Neil K. Clancy, owner of Riverton’s Impact Learning Center, is taking a brief break and having a quick bite to eat. He’s a busy guy—but he’s not complaining. As a matter of fact, the exuberant Clancy brims with enthusiasm when describing his tutoring profession.
Decades ago, after-school tutoring was rare. But with standardized tests and SATs intensifying competition to not only get into the best colleges, but sometimes a better high school, parents in recent years have sought out tutoring centers for their kids.
Or sometimes, as Clancy explains, sometimes a kid just needs that extra boost.
Four years ago, Clancy opened his Main Street store in Riverton mainly as a small-town school supply emporium, which still sells items like math workbooks, pencils and learning games.
“The first two years were incredibly busy. But after that,” Clancy says, indicating with a thumbs down, “it dropped off.”
Clancy thinks the stiff competition from big-box stores like Staples hurt his sales. Plus, opening a retail store in this tiny borough is tough, given the lack of shoppers making the rounds on foot.
As a separate niche, Clancy had started tutoring students in a study center in the back of the store. Driven predominantly by word-of-mouth, his clientele climbed steadily. In the last two years, he has committed more time toward his tutoring practice, mentoring more than 200 students.
In an earlier life, Clancy had stints in New York City and Washington, D.C., working in television news production, after graduating from Rutgers University with degrees in English and journalism.
Feeling unfulfilled, he took a left turn and taught third grade in the Moorestown School District for seven years.
After receiving his master's in education from Saint Joseph’s University in 1998, he rose through the ranks and worked in administration for 10 years in Gloucester Township, first as an assistant principal, and eventually becoming the principal in a school with more than 900 students.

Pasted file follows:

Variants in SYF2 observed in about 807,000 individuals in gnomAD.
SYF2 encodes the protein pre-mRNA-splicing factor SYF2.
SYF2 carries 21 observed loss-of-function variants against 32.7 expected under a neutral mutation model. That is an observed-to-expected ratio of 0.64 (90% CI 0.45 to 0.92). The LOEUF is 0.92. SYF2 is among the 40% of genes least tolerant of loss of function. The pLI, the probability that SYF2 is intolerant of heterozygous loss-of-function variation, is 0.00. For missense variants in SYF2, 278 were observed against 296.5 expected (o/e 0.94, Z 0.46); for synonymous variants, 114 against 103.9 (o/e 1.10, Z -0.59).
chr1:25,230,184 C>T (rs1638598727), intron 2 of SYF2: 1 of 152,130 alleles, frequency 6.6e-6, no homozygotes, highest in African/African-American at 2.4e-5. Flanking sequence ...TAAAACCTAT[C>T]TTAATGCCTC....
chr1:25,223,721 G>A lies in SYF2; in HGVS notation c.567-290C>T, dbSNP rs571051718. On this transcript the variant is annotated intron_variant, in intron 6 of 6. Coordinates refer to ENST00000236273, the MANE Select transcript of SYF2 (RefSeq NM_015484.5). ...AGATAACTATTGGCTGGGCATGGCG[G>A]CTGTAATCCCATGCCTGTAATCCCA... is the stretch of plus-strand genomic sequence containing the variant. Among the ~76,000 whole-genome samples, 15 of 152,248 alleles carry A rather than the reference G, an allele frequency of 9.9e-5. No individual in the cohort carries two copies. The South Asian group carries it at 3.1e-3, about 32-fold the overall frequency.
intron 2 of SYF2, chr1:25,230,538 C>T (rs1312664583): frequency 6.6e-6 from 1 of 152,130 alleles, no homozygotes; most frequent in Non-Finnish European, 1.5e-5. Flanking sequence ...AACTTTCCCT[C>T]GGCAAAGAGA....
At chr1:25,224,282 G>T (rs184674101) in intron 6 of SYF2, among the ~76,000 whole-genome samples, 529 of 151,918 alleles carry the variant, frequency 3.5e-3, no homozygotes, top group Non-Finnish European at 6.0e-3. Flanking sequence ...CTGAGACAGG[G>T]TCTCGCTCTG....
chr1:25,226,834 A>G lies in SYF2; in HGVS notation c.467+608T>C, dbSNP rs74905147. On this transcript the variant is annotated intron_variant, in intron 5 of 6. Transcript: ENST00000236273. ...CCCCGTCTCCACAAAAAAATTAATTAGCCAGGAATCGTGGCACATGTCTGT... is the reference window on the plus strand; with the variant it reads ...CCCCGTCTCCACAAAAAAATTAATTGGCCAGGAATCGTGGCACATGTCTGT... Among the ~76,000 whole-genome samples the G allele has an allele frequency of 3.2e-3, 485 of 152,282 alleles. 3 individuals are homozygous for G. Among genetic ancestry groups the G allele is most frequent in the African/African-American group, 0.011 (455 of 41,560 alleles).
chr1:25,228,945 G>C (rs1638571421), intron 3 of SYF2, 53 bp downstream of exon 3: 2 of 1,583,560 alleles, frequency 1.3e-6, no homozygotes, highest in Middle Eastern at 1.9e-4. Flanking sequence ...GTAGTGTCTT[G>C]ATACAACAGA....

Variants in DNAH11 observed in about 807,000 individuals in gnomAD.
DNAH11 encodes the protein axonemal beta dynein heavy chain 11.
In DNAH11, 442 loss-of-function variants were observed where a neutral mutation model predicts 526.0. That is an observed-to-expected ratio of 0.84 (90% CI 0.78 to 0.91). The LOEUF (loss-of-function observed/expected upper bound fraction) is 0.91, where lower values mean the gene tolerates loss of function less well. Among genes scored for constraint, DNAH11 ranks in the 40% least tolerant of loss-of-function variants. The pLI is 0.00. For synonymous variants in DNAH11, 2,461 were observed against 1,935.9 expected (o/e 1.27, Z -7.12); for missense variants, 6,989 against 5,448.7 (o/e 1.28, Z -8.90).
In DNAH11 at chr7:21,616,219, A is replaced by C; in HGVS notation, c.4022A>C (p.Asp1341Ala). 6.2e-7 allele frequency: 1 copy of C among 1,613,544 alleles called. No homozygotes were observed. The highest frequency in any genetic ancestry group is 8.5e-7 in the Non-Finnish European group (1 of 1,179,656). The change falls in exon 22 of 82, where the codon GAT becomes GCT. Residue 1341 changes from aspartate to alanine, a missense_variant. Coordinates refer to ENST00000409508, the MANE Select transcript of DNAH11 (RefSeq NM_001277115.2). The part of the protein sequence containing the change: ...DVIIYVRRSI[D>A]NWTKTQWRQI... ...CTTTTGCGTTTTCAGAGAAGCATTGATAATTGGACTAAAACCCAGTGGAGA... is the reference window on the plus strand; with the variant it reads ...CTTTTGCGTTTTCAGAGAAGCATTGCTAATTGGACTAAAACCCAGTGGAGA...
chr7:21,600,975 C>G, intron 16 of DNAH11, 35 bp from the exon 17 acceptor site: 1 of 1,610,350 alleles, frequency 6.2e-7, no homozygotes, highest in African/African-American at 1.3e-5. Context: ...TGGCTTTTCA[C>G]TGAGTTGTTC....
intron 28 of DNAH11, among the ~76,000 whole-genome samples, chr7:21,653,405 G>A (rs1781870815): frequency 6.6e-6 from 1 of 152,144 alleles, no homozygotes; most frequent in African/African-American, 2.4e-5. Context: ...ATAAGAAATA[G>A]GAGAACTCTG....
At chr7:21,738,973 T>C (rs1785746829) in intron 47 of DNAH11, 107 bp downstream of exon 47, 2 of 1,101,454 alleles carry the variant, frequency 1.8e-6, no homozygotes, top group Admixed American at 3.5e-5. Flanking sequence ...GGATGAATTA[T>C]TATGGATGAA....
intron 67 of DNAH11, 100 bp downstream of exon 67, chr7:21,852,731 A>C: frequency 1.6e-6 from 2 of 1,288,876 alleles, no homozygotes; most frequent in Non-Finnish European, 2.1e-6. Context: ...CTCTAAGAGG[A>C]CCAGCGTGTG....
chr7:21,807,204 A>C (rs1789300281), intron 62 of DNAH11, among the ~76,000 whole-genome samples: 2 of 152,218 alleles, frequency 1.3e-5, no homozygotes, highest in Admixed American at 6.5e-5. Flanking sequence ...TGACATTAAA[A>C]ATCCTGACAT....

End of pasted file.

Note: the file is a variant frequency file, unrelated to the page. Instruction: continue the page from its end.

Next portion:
But he found he missed teaching.
“Tutoring afforded me a way that I could still educate, but make a bigger difference,” says Clancy, who has also lived in Riverton for 15 years.
Part of Clancy’s tutoring approach is not just offering tricks and skills for mastering test-taking, but he says he tries to unearth a child’s learning potential and bring it to fruition, with the cornerstone being confidence.
“I try to initially get an understanding of why a kid may not be doing well,” says Clancy. “Sometimes a kid will say they don’t like school, and I’ll try to get him to tell me why. And then, I’ve had some kids struggling because they’ve had hearing and vision problems go undetected.”
Then he will break it down into building blocks.
“If a child is having difficulty with algebra, we go back to the fundamentals together. When ready, we move on together.”
Although nearly 70 percent of his students are high school juniors and seniors readying themselves for the SAT test, a lot of his clients are in elementary school, but not always.
“My youngest student so far was 4,” he says. “And my oldest student was a 61-year-old lady who was going back to college.”
He instructs students in English, math and most sciences, but draws the line with specialty subjects like calculus or French.
For a prospective SAT test taker, Clancy will offer strategies to drop the irrational multiple choice answers willfully inserted to confuse students. He emphasizes slowing down, just enough for the student to read the question correctly.
“Some kids read right through the questions and don’t stop.They get the wrong meaning of the sentence.”
He also tells college-bound kids to enroll on the College Board online—a nonprofit group that helps to connect students with college opportunities—and participate in the daily SAT trial questions.
And while Clancy is the tutor, sometimes mentor, oftentimes coach, Clancy says the kids who triumph the most from working with him are those who continue to practice and review after they leave his study center.
Clancy remains committed to each client who walks through his door. But what has he done when he hasn’t been able to help a student?
“I haven’t hit that yet,” quips a smiling Clancy. “And that’s the fun part.”